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Editorial

S-gene Dropout and False-negative Reverse Transcriptase-polymerase Chain Reaction Tests

Balaji, S. M.

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Annals of Maxillofacial Surgery: Jul–Dec 2021 - Volume 11 - Issue 2 - p 217-218
doi: 10.4103/ams.ams_2_22
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The new dimension of COVID-19 variant named OMICRON was reported in late November by a South African team. This variant had about 50 mutations, majority of them in the spike proteins. A significant of them leads to an “S-gene target failure” (or “S-gene dropout”). This simply translates that one of the several key areas of the gene that are targeted by conventional COVID-19–specific reverse transcriptase-polymerase chain reaction (RT-PCR) testing is affected and such tests may give a false negative.[12] This variant has been reported to have a different trait by being readily transmissible and evades the immunity conferred by the vaccine.[2] The spread of this infection has evoked a mixed reaction. All major stakeholders including the medical, scientific, government, civil societies, media, and public health communities have earlier responded varyingly to past COVID-19 variants. The response varied between to either “stay calm” or pursues immediate countermeasures including “lockdowns.”[3]

The past waves of COVID-19 have caused a huge impact on the practice, teaching, and research in maxillofacial surgery. The need to prioritize precious medical resources, especially when the trained medical professionals are low, diversion of health-care professionals, and deferring of planned and elective procedures have their own toll on overall long-term well-being of health. Education and training of residents have been drastically altered. All these have their impact.[4] India also has experienced its own share of drastic alterations in clinical practice. The need to alter the traditional way of Oral and Maxillofacial Surgery practice is necessitated by the COVID-19.[5] The aerosol released in dental operatory and its way of spread has a direct bearing on the spread of the infection.[6] The higher transmissibility of the OMICRON, the caution fatigue, possible negative RT-PCR test results, current poor understanding of the nature of immune response to OMICRON variant, and possible long-COVID-19 infection could contribute to the risk of maxillofacial surgery.[789] The international surgical teams have come out with their version of OMICRON threat assessment and action plan.[10] The need for another dose of vaccination is also debated.[11]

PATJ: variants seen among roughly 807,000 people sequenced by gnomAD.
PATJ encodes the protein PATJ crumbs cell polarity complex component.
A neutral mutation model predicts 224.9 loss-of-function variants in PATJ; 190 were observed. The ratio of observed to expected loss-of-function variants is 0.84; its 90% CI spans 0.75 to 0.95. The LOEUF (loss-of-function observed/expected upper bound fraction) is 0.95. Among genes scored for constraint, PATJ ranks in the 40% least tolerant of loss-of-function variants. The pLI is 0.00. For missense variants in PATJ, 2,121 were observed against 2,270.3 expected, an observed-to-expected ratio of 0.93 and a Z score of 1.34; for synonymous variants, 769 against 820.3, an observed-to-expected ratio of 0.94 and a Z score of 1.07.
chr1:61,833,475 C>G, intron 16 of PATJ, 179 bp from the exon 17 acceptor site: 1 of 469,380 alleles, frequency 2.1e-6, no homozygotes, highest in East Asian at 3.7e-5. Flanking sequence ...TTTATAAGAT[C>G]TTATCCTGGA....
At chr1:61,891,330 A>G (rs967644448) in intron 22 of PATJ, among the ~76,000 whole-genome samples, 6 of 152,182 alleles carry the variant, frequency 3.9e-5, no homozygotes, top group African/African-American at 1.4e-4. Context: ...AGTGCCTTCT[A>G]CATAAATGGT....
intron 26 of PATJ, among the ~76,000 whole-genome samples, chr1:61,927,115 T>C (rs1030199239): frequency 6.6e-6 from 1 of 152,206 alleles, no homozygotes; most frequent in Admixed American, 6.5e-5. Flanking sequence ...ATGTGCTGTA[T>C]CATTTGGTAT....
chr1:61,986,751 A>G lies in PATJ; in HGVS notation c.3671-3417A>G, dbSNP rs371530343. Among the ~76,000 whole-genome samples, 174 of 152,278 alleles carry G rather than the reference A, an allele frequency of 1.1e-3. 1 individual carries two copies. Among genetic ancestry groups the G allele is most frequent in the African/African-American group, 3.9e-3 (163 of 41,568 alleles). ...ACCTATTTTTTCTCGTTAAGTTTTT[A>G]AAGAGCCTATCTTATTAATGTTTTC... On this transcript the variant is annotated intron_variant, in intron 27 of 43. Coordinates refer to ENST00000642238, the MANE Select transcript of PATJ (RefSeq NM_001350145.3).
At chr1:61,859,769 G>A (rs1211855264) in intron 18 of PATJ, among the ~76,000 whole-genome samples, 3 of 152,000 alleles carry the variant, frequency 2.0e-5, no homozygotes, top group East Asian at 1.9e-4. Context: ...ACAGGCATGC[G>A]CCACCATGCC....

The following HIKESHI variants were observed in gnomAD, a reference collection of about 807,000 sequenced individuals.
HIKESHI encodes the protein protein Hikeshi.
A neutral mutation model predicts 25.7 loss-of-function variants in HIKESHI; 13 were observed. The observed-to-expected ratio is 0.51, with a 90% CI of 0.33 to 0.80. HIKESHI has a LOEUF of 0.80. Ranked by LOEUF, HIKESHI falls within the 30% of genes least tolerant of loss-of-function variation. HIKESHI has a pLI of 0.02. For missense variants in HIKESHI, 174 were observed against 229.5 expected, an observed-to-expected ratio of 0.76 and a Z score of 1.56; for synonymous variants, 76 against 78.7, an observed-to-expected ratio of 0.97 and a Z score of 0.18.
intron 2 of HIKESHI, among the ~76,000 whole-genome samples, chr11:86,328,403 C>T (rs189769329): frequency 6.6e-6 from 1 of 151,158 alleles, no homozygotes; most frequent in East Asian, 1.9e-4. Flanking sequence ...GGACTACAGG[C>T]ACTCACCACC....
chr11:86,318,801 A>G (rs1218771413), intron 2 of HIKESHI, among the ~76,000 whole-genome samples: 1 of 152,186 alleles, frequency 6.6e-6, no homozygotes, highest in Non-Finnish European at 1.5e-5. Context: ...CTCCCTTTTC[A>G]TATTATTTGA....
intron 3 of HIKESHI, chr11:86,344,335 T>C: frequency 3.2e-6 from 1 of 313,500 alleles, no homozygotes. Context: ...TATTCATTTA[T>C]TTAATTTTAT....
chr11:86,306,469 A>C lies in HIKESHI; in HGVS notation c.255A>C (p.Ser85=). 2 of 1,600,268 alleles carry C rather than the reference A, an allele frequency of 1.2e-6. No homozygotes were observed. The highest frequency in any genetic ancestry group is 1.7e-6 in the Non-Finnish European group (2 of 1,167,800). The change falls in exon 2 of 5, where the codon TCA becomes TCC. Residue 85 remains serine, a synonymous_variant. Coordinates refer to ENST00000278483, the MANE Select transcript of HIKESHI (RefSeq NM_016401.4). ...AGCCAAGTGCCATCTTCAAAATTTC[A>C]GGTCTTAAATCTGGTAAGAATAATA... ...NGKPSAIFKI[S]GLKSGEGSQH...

Considering the large degree of unknown, a maxillofacial surgeon needs to exercise caution, revisit his/her treatment approach, enhance barrier techniques, and ensure that proper COVID-19 appropriate behaviors are religiously followed. Given the rapid transmissibility and evasion of immunity, being cautious would definitely pay in the longer run.

REFERENCES

1. Salisbury H. Helen Salisbury: Omicron-panic mongering or appropriate caution? BMJ. 2021;375:n2941
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4. Pagotto LEC, Santos TS, Pastore GP. Impact of COVID-19 on maxillofacial surgery practice: A systematic review? Braz J Otorhinolaryngol. 2021 S1808-8694(21)00173-7. doi: 10.1016/j.bjorl.2021.09.002. Online ahead of print
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10. Choudhary OP, Dhawan M, Priyanka. Omicron variant (B.1.1.529) of SARS-CoV-2: Threat assessment and plan of action Int J Surg. 2022;97:106187
11. Poudel S, Ishak A, Perez-Fernandez J, Garcia E, León-Figueroa DA, Romaní L, et al Highly mutated SARS-CoV-2 Omicron variant sparks significant concern among global experts – What is known so far? Travel Med Infect Dis. 2021;45:102234
© 2021 Annals of Maxillofacial Surgery | Published by Wolters Kluwer – Medknow